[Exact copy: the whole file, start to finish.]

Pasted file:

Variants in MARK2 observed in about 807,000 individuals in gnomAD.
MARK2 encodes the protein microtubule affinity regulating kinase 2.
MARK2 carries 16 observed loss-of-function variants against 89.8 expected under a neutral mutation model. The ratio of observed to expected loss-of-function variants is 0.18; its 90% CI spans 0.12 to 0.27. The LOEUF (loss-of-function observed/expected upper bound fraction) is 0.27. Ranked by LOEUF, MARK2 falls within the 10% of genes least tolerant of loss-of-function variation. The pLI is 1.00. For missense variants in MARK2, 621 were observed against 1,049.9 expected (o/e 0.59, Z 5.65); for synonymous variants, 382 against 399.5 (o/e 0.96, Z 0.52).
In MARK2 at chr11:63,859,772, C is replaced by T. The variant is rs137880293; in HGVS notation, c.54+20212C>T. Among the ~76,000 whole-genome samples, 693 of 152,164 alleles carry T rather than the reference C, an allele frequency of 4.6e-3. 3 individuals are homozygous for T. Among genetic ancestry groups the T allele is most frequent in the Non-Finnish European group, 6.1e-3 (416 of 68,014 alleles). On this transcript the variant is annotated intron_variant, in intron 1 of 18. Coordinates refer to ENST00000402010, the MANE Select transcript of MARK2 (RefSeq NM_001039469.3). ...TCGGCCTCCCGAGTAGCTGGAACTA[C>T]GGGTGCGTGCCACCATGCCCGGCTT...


Variants in MARK2 observed in about 807,000 individuals in gnomAD.
MARK2 encodes the protein microtubule affinity regulating kinase 2.
MARK2 carries 16 observed loss-of-function variants against 89.8 expected under a neutral mutation model. The ratio of observed to expected loss-of-function variants is 0.18; its 90% CI spans 0.12 to 0.27. The LOEUF (loss-of-function observed/expected upper bound fraction) is 0.27. Ranked by LOEUF, MARK2 falls within the 10% of genes least tolerant of loss-of-function variation. The pLI is 1.00. For missense variants in MARK2, 621 were observed against 1,049.9 expected (o/e 0.59, Z 5.65); for synonymous variants, 382 against 399.5 (o/e 0.96, Z 0.52).
In MARK2 at chr11:63,859,772, C is replaced by T. The variant is rs137880293; in HGVS notation, c.54+20212C>T. Among the ~76,000 whole-genome samples, 693 of 152,164 alleles carry T rather than the reference C, an allele frequency of 4.6e-3. 3 individuals are homozygous for T. Among genetic ancestry groups the T allele is most frequent in the Non-Finnish European group, 6.1e-3 (416 of 68,014 alleles). On this transcript the variant is annotated intron_variant, in intron 1 of 18. Coordinates refer to ENST00000402010, the MANE Select transcript of MARK2 (RefSeq NM_001039469.3). ...TCGGCCTCCCGAGTAGCTGGAACTA[C>T]GGGTGCGTGCCACCATGCCCGGCTT...